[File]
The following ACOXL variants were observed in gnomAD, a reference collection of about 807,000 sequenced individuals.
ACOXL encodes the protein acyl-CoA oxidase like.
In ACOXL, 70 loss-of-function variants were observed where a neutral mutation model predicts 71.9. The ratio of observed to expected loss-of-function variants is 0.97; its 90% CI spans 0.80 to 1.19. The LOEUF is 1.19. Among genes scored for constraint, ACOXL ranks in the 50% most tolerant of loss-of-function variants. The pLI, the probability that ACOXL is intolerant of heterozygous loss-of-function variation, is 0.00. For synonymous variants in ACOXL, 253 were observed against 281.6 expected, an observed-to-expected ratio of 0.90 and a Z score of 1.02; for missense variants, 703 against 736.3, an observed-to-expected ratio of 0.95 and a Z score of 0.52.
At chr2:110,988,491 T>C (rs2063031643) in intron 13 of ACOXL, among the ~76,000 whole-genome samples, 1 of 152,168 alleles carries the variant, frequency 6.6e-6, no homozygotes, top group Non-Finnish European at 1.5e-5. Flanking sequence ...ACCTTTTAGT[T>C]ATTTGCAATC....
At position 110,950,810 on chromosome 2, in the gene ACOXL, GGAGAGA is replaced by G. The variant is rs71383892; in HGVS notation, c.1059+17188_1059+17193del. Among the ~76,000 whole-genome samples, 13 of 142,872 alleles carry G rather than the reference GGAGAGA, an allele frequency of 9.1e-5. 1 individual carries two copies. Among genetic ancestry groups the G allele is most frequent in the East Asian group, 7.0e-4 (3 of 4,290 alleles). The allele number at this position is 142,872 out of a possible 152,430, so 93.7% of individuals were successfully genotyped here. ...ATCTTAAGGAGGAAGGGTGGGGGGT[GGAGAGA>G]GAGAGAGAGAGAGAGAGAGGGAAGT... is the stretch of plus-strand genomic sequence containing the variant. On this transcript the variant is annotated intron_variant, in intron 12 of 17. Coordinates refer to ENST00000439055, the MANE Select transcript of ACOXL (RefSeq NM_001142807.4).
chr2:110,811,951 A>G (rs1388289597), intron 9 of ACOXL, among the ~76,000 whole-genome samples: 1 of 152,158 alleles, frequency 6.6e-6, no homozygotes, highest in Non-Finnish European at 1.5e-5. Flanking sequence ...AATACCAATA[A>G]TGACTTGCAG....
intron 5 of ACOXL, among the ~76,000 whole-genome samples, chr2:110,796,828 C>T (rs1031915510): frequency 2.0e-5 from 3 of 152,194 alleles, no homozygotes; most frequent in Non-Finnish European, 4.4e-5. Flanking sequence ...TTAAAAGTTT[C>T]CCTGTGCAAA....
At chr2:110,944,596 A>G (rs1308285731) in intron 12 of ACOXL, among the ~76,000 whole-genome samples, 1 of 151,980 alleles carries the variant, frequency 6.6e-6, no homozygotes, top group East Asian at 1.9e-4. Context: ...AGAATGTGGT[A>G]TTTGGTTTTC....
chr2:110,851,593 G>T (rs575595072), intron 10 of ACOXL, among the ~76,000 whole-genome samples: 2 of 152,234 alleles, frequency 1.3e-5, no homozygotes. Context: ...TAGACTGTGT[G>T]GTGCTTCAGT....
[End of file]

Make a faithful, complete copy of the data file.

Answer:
The following ACOXL variants were observed in gnomAD, a reference collection of about 807,000 sequenced individuals.
ACOXL encodes the protein acyl-CoA oxidase like.
In ACOXL, 70 loss-of-function variants were observed where a neutral mutation model predicts 71.9. The ratio of observed to expected loss-of-function variants is 0.97; its 90% CI spans 0.80 to 1.19. The LOEUF is 1.19. Among genes scored for constraint, ACOXL ranks in the 50% most tolerant of loss-of-function variants. The pLI, the probability that ACOXL is intolerant of heterozygous loss-of-function variation, is 0.00. For synonymous variants in ACOXL, 253 were observed against 281.6 expected, an observed-to-expected ratio of 0.90 and a Z score of 1.02; for missense variants, 703 against 736.3, an observed-to-expected ratio of 0.95 and a Z score of 0.52.
At chr2:110,988,491 T>C (rs2063031643) in intron 13 of ACOXL, among the ~76,000 whole-genome samples, 1 of 152,168 alleles carries the variant, frequency 6.6e-6, no homozygotes, top group Non-Finnish European at 1.5e-5. Flanking sequence ...ACCTTTTAGT[T>C]ATTTGCAATC....
At position 110,950,810 on chromosome 2, in the gene ACOXL, GGAGAGA is replaced by G. The variant is rs71383892; in HGVS notation, c.1059+17188_1059+17193del. Among the ~76,000 whole-genome samples, 13 of 142,872 alleles carry G rather than the reference GGAGAGA, an allele frequency of 9.1e-5. 1 individual carries two copies. Among genetic ancestry groups the G allele is most frequent in the East Asian group, 7.0e-4 (3 of 4,290 alleles). The allele number at this position is 142,872 out of a possible 152,430, so 93.7% of individuals were successfully genotyped here. ...ATCTTAAGGAGGAAGGGTGGGGGGT[GGAGAGA>G]GAGAGAGAGAGAGAGAGAGGGAAGT... is the stretch of plus-strand genomic sequence containing the variant. On this transcript the variant is annotated intron_variant, in intron 12 of 17. Coordinates refer to ENST00000439055, the MANE Select transcript of ACOXL (RefSeq NM_001142807.4).
chr2:110,811,951 A>G (rs1388289597), intron 9 of ACOXL, among the ~76,000 whole-genome samples: 1 of 152,158 alleles, frequency 6.6e-6, no homozygotes, highest in Non-Finnish European at 1.5e-5. Flanking sequence ...AATACCAATA[A>G]TGACTTGCAG....
intron 5 of ACOXL, among the ~76,000 whole-genome samples, chr2:110,796,828 C>T (rs1031915510): frequency 2.0e-5 from 3 of 152,194 alleles, no homozygotes; most frequent in Non-Finnish European, 4.4e-5. Flanking sequence ...TTAAAAGTTT[C>T]CCTGTGCAAA....
At chr2:110,944,596 A>G (rs1308285731) in intron 12 of ACOXL, among the ~76,000 whole-genome samples, 1 of 151,980 alleles carries the variant, frequency 6.6e-6, no homozygotes, top group East Asian at 1.9e-4. Context: ...AGAATGTGGT[A>G]TTTGGTTTTC....
chr2:110,851,593 G>T (rs575595072), intron 10 of ACOXL, among the ~76,000 whole-genome samples: 2 of 152,234 alleles, frequency 1.3e-5, no homozygotes. Context: ...TAGACTGTGT[G>T]GTGCTTCAGT....